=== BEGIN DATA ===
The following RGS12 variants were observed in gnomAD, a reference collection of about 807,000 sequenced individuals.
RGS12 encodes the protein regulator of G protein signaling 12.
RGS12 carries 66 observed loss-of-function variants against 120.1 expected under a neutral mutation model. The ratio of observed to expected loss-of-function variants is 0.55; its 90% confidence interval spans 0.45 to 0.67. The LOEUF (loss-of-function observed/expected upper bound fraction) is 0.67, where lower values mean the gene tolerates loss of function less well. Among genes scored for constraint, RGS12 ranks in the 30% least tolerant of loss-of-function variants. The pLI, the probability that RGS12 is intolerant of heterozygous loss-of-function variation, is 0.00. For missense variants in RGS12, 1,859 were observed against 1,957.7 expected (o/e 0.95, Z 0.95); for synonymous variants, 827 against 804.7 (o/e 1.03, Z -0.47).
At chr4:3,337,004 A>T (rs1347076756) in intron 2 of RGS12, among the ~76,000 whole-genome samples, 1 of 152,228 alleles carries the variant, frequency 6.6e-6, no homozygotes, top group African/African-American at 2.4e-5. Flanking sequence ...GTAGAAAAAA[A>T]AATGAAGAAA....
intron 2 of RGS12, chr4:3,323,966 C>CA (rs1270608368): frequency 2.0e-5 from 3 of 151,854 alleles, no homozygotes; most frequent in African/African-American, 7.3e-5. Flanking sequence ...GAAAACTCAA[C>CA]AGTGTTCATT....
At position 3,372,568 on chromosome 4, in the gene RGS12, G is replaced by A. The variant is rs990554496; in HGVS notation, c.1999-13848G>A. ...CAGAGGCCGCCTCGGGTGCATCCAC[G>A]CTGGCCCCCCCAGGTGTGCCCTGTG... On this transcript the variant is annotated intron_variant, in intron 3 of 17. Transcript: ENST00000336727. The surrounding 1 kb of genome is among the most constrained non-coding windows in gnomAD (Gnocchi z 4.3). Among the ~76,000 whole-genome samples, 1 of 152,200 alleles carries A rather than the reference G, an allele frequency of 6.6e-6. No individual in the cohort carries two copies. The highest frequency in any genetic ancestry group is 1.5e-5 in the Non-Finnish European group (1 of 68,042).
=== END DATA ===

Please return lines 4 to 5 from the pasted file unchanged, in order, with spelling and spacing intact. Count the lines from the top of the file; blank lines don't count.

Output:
At chr4:3,337,004 A>T (rs1347076756) in intron 2 of RGS12, among the ~76,000 whole-genome samples, 1 of 152,228 alleles carries the variant, frequency 6.6e-6, no homozygotes, top group African/African-American at 2.4e-5. Flanking sequence ...GTAGAAAAAA[A>T]AATGAAGAAA....
intron 2 of RGS12, chr4:3,323,966 C>CA (rs1270608368): frequency 2.0e-5 from 3 of 151,854 alleles, no homozygotes; most frequent in African/African-American, 7.3e-5. Flanking sequence ...GAAAACTCAA[C>CA]AGTGTTCATT....